Is C# a strongly typed or a weakly typed language?

Presented as a dialogue, as is my wont!

Is C# a strongly typed or a weakly typed language?


That is unhelpful.

I don’t doubt it. Interestingly, if you rephrased the question as an “and” question, the answer would be the same.

What? You mean, is C# a strongly typed and a weakly typed language?

Yes, C# is a strongly typed language and a weakly typed language.

I’m confused.

Me too. Perhaps you should tell me precisely what you mean by “strongly typed” and “weakly typed”.

Um. I don’t actually know what I mean by those terms, so perhaps that is the question I should be asking. What does it really mean for a language to be “weakly typed” or “strongly typed”?

“Weakly typed” means “this language uses a type verification system that I find distasteful“, and “strongly typed” means “this language uses a type system that I find attractive“.

No way!

Way, dude.


These terms are meaningless and you should avoid them. Wikipedia lists eleven different meanings for “strongly typed”, several of which contradict each other. Any time two people use “strongly typed” or “weakly typed” in a conversation about programming languages, odds are good that they have two subtly or grossly different meanings in their heads for those terms, and are therefore automatically talking past each other.

But surely they mean something other than “unattractive” or “attractive”!

I do exaggerate somewhat for comedic effect. So lets say: a more-strongly-typed language is one that has somerestriction in its type system that a more-weakly-typed language it is being compared to lacks. That’s all you can really say without more context.

How can I have sensible conversations about languages and their type systems then?

You can provide the missing context. Instead of using “strongly typed” and “weakly typed”, actually describe the restriction you mean. For example, C# is for the most part a statically typed language, because the compiler determines facts about the types of every expression. C# is for the most part a type safe language because it prevents values of one static type from being stored in variables of an incompatible type (and other similar type errors). And C# is for the most part memory safe language because it prevents accidental access to bad memory.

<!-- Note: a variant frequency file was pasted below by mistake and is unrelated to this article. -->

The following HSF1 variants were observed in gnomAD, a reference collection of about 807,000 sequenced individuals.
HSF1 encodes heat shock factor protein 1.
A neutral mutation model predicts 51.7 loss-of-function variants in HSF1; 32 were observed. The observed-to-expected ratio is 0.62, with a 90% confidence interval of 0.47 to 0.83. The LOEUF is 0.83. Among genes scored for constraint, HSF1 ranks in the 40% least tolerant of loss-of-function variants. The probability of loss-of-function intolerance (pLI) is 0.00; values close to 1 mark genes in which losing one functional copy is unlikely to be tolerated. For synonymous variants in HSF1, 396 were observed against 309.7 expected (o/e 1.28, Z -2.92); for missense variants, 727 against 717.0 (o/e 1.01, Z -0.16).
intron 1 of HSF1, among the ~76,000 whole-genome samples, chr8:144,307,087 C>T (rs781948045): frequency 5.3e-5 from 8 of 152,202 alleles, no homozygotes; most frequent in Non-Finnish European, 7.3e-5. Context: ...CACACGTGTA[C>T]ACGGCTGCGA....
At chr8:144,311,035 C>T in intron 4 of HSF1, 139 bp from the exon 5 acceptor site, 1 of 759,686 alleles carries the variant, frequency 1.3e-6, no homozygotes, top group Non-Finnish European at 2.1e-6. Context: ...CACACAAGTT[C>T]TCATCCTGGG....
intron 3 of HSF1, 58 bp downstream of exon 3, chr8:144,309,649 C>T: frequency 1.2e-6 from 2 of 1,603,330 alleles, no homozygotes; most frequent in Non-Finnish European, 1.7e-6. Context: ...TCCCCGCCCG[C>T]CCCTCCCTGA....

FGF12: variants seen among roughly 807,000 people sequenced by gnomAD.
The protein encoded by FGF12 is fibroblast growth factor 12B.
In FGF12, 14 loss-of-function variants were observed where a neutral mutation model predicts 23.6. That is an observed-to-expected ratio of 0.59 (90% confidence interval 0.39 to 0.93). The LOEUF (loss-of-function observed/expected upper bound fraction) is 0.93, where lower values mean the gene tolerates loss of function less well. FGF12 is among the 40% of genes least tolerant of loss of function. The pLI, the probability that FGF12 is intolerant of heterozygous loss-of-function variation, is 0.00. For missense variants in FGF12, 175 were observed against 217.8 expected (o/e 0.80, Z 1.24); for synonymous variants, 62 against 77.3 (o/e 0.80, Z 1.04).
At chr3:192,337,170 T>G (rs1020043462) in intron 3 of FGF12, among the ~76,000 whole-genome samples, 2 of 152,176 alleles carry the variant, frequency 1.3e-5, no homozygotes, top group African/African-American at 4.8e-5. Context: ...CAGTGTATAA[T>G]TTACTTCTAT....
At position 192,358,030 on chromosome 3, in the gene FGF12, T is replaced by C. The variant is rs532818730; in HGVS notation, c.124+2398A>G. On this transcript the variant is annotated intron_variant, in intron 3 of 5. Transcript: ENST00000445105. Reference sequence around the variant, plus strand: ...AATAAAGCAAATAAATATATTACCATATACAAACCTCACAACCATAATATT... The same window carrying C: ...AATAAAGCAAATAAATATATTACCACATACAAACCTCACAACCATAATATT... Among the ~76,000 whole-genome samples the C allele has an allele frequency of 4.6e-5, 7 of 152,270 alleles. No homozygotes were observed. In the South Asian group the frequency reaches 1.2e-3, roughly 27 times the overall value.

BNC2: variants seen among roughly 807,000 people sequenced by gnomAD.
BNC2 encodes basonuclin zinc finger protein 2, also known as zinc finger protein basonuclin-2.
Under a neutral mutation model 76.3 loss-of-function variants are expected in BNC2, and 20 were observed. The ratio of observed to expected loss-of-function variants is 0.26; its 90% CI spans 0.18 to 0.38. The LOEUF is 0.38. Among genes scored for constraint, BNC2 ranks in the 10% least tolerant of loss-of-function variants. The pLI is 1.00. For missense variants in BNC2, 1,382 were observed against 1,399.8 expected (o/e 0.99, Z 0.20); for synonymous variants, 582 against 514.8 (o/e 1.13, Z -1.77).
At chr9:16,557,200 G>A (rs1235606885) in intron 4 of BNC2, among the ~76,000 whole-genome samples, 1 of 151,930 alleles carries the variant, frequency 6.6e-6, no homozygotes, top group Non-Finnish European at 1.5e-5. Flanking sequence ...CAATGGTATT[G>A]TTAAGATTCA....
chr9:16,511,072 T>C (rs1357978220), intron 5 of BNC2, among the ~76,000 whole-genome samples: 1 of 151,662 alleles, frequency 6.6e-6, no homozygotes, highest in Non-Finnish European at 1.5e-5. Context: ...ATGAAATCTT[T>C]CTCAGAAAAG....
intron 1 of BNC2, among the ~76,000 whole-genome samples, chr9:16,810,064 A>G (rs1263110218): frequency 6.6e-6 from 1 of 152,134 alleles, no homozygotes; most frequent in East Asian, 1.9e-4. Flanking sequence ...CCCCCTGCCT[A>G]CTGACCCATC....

Thus, someone who thinks that “strongly typed” means “the language encourages static typing, type safety and memory safety in the vast majority of normal programs” would classify C# as a “strongly typed” language. C# is certainly more strongly typed than languages that do not have these restrictions in their type systems.

But here’s the thing: because C# is a pragmatic language there is a way to override all three of those safety systems. Cast operators and “dynamic” in C# 4 override compile-time type checking and replace it with runtime type checking, and “unsafe” blocks allow you to turn off type safety and memory safety should you need to. Someone who thinks that “strongly typed” means “the language absolutely positively guarantees static typing, type safety and memory safety under all circumstances” would quite rightly classify C# as “weakly typed”. C# is not as strongly typed as languages that do enforce these restrictions all the time.

So which is it, strong or weak? It is impossible to say because it depends on the point of view of the speaker, it depends on what they are comparing it to, and it depends on their attitude towards various language features. It’s therefore best to simply avoid these terms altogether, and speak more precisely about type system features.

Next time on FAIC: What happens when a dynamic call’s method group has a single member?

Foolish consistency is foolish

Once again today’s posting is presented as a dialogue, as is my wont.

Why is var sometimes required on an implicitly-typed local variable and sometimes illegal on an implicitly typed local variable?

That’s a good question but can you make it more precise? Start by listing the situations in which an implicitly-typed local variable either must or must not use var.

Sure. An implicitly-typed local variable must be declared with var in the following statements:

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What would Feynman do?

No one I know at Microsoft asks those godawful “lateral-thinking puzzle” interview questions anymore. Maybe someone still does, I don’t know. But rumour has it that a lot of companies are still following the Microsoft lead from the 1990s in their interviews. In that tradition, I present a sequel to Keith Michaels’ 2003 exercise in counterfactual reasoning. Once more, we dare to ask the question “how well would the late Nobel-Prize-winning physicist Dr. Richard P. Feynman do in a technical interview at a software company?

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